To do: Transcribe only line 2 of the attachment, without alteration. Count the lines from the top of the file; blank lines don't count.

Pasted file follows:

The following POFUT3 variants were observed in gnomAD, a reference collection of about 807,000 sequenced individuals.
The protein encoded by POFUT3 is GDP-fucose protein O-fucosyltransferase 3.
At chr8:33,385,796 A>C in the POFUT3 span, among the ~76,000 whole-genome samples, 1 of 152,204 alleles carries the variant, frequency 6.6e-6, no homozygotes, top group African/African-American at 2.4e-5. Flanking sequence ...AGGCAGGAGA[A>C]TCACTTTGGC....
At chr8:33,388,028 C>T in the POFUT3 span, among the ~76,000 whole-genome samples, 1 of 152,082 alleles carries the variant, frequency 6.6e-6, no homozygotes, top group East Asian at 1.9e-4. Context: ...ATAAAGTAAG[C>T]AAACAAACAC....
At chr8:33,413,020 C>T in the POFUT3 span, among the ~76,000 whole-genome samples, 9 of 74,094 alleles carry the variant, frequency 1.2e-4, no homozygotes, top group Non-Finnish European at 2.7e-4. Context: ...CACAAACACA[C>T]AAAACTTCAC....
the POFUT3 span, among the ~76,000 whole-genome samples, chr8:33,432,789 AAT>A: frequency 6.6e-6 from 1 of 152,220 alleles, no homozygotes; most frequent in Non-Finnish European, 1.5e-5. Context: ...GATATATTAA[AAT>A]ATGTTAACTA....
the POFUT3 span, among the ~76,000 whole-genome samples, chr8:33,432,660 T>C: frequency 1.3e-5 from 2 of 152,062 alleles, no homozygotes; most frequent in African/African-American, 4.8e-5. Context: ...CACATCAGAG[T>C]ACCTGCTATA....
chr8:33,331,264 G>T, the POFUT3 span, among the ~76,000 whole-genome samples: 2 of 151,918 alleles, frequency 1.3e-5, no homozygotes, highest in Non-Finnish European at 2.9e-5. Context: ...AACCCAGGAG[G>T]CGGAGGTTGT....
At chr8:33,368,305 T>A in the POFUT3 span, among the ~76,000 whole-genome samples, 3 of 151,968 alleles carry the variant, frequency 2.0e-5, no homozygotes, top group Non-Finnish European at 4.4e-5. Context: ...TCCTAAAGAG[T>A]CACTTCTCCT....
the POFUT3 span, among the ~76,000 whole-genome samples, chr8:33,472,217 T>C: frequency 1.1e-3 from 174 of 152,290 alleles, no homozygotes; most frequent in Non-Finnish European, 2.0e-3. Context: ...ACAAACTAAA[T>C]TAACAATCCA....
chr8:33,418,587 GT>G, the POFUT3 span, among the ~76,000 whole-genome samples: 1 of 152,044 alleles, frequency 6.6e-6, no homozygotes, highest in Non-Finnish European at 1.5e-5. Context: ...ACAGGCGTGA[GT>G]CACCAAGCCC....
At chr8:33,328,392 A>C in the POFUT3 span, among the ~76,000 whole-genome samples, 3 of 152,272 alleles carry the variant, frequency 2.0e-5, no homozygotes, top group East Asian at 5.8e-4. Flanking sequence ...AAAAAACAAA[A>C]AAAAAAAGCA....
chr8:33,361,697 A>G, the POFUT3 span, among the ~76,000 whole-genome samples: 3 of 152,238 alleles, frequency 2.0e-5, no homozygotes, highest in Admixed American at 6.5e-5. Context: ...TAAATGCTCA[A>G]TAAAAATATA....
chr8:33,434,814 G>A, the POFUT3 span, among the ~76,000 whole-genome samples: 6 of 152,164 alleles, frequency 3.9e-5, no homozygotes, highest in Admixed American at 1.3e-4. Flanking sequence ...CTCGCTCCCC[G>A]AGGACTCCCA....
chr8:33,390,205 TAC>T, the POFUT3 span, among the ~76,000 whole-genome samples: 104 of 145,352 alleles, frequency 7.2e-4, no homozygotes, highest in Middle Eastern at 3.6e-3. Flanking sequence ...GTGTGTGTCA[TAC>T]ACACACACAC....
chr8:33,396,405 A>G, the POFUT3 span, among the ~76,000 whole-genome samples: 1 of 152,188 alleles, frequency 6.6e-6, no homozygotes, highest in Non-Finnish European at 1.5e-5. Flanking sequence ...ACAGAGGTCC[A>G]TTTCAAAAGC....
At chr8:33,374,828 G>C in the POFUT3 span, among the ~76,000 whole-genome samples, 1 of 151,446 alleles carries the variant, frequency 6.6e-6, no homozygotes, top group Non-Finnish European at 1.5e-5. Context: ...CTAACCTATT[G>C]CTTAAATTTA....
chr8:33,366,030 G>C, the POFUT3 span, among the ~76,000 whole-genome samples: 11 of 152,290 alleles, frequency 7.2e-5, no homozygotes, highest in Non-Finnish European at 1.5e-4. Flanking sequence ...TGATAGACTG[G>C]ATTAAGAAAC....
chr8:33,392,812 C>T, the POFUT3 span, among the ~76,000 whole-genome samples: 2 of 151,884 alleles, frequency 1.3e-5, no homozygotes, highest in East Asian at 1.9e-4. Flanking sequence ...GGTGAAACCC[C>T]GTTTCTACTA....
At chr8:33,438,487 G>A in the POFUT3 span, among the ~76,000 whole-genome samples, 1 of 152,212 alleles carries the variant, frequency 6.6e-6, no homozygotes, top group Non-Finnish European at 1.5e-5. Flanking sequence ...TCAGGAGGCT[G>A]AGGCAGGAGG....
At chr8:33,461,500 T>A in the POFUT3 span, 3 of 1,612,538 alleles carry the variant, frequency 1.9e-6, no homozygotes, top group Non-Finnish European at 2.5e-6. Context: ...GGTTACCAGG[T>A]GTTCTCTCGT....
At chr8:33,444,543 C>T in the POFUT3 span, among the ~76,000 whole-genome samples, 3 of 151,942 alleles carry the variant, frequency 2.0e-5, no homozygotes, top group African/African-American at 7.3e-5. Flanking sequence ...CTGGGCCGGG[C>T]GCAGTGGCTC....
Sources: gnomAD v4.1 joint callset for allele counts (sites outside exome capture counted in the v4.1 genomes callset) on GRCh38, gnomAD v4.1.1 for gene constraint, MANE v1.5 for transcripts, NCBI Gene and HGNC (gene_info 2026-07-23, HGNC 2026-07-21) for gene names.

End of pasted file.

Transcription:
The protein encoded by POFUT3 is GDP-fucose protein O-fucosyltransferase 3.